Today is Opening Day, the first day of baseball season. Opening Day means spring — real spring, not this chilly aboration we’re experiencing, but real spring — is finally here.
Opening Day is also as good excuse as any to talk about what is surely one of the niftiest — and most ill-conceived — promotions in minor-league baseball history, and it happened in the town where I grew up.
I’m from a place called Paintsville, Kentucky, population 3,800 in 1980. Paintsville is about 2 hours east of Lexington and about an hour south of the nearest interstate highway. Paintsville isn’t on anyone’s way anywhere, but, in 1978, thanks to the efforts of Paul Fyffe, who owned the town’s only radio station, it landed a minor-league baseball team.
Originally called the Hilanders, it soon became the Appalachian League’s Yankees’ affiliate.
(I posted a version of this story in July when the New York Yankees’ owner, George Steinbrenner, passed away, so, if you happened to read it then, I’ll understand if you click away now.)
In the summer of 1980, Darryl Strawberry signed with the Yankees arch rivals, the New York Mets, and he began his career down in Kingsport, Tennessee. Darryl Strawberry was already a star, a kid everyone knew would make the Hall of Fame someday, and, as luck would have it, he would play his first professional baseball game in Paintsville.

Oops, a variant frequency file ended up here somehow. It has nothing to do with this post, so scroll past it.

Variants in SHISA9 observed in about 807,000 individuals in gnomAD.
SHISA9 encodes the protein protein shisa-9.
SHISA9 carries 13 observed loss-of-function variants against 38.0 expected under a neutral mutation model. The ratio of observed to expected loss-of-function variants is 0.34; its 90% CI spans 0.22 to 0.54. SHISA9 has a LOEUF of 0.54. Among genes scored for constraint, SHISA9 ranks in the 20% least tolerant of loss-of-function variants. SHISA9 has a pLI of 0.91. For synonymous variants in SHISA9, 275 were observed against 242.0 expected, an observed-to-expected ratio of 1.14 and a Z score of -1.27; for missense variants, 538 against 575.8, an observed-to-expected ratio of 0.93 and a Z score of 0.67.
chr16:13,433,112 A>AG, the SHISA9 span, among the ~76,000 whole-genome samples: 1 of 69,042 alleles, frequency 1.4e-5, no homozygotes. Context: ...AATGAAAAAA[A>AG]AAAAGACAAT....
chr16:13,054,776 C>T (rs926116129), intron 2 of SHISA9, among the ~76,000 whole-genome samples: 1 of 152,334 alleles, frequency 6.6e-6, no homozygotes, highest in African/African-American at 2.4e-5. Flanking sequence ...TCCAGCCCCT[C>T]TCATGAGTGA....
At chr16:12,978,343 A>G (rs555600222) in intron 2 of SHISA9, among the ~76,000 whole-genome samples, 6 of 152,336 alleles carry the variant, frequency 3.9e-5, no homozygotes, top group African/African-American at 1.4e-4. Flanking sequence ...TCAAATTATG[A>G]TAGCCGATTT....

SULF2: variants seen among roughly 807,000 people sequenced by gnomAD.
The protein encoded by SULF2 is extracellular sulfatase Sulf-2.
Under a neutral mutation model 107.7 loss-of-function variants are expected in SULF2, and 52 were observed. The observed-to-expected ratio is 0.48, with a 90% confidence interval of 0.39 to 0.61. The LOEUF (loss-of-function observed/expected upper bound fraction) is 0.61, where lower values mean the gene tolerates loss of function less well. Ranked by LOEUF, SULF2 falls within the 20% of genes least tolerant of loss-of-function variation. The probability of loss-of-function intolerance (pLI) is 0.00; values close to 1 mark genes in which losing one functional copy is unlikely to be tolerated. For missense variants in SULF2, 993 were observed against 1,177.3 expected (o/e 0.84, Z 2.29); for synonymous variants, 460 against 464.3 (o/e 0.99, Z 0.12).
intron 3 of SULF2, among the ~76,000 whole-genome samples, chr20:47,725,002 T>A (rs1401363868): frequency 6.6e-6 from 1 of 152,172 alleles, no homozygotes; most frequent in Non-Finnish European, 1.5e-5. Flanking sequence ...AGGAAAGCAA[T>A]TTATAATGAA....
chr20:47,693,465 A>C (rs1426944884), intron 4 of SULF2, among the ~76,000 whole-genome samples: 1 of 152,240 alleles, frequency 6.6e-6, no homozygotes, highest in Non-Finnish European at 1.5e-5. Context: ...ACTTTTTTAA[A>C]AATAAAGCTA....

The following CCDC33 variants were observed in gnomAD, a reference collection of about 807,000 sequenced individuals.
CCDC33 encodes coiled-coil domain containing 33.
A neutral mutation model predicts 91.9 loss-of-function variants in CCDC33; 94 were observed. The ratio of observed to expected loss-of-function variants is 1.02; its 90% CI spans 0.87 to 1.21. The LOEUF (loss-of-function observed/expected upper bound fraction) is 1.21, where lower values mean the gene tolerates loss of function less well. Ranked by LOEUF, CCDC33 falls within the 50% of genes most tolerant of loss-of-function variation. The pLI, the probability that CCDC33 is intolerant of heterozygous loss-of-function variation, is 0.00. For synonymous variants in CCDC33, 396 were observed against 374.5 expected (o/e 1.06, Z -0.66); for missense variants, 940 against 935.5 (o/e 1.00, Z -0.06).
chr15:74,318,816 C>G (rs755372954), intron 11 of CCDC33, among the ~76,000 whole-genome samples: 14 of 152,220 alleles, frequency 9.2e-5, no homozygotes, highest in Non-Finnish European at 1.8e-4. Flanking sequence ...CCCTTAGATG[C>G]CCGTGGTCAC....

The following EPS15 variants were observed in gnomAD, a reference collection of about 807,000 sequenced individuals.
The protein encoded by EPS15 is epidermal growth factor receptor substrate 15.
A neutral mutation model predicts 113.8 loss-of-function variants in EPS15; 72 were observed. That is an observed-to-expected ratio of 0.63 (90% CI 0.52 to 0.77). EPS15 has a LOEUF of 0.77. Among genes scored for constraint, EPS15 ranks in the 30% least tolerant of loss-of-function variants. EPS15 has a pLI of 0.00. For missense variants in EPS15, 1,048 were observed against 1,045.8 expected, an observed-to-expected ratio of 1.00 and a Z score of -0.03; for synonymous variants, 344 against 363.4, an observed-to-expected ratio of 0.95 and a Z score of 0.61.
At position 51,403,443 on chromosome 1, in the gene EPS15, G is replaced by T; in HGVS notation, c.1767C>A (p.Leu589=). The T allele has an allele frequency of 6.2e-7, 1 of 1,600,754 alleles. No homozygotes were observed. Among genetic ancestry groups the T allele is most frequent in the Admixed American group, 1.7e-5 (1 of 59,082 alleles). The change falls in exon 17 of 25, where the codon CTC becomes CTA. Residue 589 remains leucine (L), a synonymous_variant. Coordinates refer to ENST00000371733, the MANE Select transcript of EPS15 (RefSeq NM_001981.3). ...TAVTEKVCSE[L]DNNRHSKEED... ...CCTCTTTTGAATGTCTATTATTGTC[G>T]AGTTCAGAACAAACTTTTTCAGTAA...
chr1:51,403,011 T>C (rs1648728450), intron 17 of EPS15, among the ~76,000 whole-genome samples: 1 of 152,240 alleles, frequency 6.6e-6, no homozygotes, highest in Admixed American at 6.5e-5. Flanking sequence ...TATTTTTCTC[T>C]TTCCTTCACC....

Paul Fyffe was a good businessman, and he saw this is a great way to get folks out to the ballpark. You could get in free if you brought a strawberry to the game, the concession stand sold nothing but strawberry pop, and Paul hired a helicopter to drop strawberries onto the field.
The game was a sellout, but, remember, we were the Yankees, and Darryl Strawberry was signed with the New York Mets, so when George Steinbrenner read in The Sporting News about his Rookie League team in eastern Kentucky throwing a big party for a kid who’d signed with the Mets, he had a conniption, and word was that he threatened to pull the team out of Paintsville on the spot.
I don’t know whether the talk was exaggerated or whether the league wouldn’t let the Yankees move, but the Yankees stayed in Paintsville through the ’82 season. (The Paintsville Tri-County Yankees won the league champion in ’79, ’80 and ’81 and finished second in ’82.)
When the Yankees finally left, Paul brought in the Brewers, but they lasted only a couple seasons, and no one came to replace them.
Strawberry, of course, wound up working for Steinbrenner and retired from the Yankees in ’99.
The high school ballpark where the Yankees played was torn down a few years ago and replaced with a nicer one. We visited my folks last weekend, and when I drove by the school, I missed seeing it.